Archive for the ‘Primary Sources’ Category

The Funeral of Lord Nelson

October 12, 2017

The hearse carrying Lord Nelson’s coffin is seen below in an 1806 aquatint. Contemporary accounts of the funeral can be found in: Fairburn’s (2nd) edition of the funeral of admiral lord Nelson (1806); [London] Gazette, January 14, 1806; Monthly Mirror, January 1806; and more depictions of the funeral.

(The Funeral Car of our late Vice Admiral  Horatio Viscount Nelson)

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Writings of Admiral Samuel Hood

October 11, 2017

Admiral Hood had a long and distinguished career in the Royal Navy, but few of his writings are publicly available. His autobiography (including some correspondence) is contained on pages 1-37 of volume 17 of the Naval Chronicle, and there was an edition of his letters – Letters written by Sir Samuel Hood (Viscount Hood) in 1781-2-3, illustrated by extracts from logs and public records – published in 1895. In addition, scattered official letters from earlier times can be found in Letters to the ministry, from Governor Bernard, General Gage, and Commodore Hood (1769).

However, a new major project – Georgian Papers Online – has uncovered many more letters by this worthy. Identified as Letters from Rear-Adm. Sir Samuel (later Lord) Hood to General Jacob de Budé, including some copies of related correspondence to and from Hood, this source contains writings to and from Hood that have never been available before. While the documents themselves are in various hands, the full descriptions of each letter, as well as transcriptions in some cases, allow the reader to fully appreciate these missives.

 

“The Explosion of the Spanish Battleship during the Battle of Gibraltar”

September 13, 2017

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This remarkable painting memorializes the Dutch victory over the Spanish fleet in 1607; the entire Spanish fleet engaged in the battle was destroyed along with 2,000 – 4,000 men. Details of this painting can be seen in a series of pictures found here.

U.S. Naval Strategies in the Late 1900s

August 16, 2017

Here are some relevant documents from the Newport Papers series:  U.S. Naval Strategy in the 1970s: Selected Documents; U.S. Naval Strategy in the 1980s: Selected Documents; and U.S. Naval Strategy in the 1990s: Selected Documents.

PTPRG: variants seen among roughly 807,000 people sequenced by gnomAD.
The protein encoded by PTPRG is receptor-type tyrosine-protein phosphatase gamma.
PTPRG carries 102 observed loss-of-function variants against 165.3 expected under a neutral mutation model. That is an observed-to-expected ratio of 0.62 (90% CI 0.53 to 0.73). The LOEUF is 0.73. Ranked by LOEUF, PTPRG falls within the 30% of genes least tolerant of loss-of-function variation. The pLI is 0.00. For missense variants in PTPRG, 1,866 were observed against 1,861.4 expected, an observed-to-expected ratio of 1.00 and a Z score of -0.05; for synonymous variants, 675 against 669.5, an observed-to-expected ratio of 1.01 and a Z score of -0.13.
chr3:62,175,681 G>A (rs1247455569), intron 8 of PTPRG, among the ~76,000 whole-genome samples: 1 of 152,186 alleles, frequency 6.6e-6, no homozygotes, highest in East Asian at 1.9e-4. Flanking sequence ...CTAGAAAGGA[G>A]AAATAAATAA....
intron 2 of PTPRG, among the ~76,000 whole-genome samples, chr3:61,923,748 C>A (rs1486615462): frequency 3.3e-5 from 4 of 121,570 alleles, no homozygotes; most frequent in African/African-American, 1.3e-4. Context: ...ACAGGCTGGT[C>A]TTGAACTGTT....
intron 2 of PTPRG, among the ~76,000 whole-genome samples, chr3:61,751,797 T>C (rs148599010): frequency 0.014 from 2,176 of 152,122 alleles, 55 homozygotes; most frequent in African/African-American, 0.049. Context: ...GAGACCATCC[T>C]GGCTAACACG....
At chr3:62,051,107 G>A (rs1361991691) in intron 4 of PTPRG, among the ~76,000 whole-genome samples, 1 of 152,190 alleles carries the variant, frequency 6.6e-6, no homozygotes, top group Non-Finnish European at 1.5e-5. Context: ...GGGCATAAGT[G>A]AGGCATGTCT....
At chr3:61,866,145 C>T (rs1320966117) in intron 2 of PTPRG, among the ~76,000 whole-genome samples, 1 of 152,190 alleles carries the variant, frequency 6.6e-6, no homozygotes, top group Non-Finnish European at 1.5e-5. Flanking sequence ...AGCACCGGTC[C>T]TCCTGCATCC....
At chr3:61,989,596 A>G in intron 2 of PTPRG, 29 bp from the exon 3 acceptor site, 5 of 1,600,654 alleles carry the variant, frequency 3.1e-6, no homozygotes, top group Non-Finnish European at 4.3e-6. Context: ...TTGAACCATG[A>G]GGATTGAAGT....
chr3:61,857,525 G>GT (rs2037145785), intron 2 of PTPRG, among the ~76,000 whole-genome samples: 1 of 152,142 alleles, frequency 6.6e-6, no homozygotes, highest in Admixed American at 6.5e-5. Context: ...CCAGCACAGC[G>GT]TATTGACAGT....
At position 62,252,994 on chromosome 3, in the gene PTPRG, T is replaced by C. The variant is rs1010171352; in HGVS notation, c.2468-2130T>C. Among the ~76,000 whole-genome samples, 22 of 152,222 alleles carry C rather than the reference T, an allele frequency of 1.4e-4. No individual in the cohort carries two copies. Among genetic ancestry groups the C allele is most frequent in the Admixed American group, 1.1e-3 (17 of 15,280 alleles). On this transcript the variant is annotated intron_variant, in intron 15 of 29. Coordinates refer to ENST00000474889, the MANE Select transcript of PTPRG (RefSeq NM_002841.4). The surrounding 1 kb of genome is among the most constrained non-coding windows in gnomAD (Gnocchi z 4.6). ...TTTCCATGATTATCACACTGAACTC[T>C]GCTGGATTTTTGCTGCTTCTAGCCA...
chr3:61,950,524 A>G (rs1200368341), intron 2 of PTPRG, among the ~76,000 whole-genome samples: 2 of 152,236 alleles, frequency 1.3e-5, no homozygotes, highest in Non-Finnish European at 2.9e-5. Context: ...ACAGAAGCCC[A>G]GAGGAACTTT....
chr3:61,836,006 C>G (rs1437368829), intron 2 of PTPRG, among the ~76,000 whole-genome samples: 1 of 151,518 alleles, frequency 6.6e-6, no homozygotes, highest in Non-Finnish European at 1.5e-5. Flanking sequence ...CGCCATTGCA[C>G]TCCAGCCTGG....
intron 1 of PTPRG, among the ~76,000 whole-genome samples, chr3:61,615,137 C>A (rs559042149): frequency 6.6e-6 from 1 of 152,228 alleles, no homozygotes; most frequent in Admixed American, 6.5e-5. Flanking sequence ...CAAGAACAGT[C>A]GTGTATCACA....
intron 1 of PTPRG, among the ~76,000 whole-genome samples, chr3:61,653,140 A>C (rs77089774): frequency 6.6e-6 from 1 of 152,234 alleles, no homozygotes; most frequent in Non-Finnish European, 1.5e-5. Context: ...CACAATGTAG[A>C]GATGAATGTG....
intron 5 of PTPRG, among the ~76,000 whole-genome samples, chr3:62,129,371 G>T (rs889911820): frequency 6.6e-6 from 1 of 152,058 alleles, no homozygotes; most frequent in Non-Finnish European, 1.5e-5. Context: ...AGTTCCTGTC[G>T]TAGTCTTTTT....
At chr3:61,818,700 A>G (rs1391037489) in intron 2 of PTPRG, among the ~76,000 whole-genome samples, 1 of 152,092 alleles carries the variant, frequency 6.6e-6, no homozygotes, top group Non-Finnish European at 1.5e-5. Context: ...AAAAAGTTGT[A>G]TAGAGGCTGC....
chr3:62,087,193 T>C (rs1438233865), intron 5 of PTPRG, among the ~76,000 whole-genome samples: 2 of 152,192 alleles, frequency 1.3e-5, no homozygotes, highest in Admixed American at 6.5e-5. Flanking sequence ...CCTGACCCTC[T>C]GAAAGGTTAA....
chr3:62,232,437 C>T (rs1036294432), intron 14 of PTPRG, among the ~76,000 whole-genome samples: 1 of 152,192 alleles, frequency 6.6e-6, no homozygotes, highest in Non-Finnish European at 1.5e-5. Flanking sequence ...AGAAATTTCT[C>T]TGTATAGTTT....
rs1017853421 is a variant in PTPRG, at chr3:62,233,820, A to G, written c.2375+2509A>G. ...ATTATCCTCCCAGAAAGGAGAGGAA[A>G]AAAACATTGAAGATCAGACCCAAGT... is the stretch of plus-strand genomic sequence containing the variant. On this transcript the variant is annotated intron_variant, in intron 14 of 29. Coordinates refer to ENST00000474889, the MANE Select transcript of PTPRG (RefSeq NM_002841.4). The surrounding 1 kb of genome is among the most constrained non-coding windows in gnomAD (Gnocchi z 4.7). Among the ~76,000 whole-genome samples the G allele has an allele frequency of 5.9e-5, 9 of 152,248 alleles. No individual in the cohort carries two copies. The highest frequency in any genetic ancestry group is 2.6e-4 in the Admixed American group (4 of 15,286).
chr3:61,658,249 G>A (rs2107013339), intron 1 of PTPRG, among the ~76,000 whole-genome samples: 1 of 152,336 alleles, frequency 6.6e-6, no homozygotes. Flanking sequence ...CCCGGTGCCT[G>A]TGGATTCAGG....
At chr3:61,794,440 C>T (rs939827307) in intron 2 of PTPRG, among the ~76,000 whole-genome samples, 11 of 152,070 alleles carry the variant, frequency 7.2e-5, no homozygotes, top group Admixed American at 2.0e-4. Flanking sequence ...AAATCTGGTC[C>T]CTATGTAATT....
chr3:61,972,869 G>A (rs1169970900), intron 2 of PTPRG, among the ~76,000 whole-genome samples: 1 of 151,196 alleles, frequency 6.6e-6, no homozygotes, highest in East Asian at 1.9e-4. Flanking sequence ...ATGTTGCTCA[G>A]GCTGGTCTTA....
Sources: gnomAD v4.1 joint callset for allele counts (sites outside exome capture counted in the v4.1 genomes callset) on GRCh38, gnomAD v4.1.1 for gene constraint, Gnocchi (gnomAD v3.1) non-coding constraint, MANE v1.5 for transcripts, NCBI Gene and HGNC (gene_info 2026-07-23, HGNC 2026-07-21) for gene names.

The Literature of the Sea

May 22, 2017

Such a topic as the above is featured in volume 4 of the inestimable Cambridge History of English and American Literature. Although the eighteen-volume compendium is indeed dated, it still provides valuable background on numerous topics, including maritime writing, in this case from early writers to Hakluyt. The chapter following this is entitled Seafaring and Travel. Both come with substantial bibliographies of primary sources. Searching this multi-volume work for entries such as “sea” or “maritime” yields additional information.

Great Yarmouth in the 19th Century

March 29, 2017

Great Yarmouth was the staging area for the North Sea fleet as well as the jumping off point for the invasion of Denmark during the Napoleonic Wars. Here are several descriptions of the area from 19th century sources:

An Historical guide to Great Yarmouth in Norfolk with the most remarkable events recorded of that town. (2d ed, 1817) by George Manby.

Picture of Yarmouth….(1819)

Historical and Topographical Notices of Great Yarmouth, in Norfolk, and Its Environs  (1826).

Pictorial Guide to Great Yarmouth (1854)

The History of Great Yarmouth (1856) [This is a continuation of The History of Great Yarmouth that was published in 1854 and concerns the earlier years of this area.]

Terms of Naval Armistice That Ended World War 1

March 22, 2017

The full text of the document is here; in it are listed the names of the interned High Seas Fleet ships.

Online Primary Sources: The United States Navy in World War 1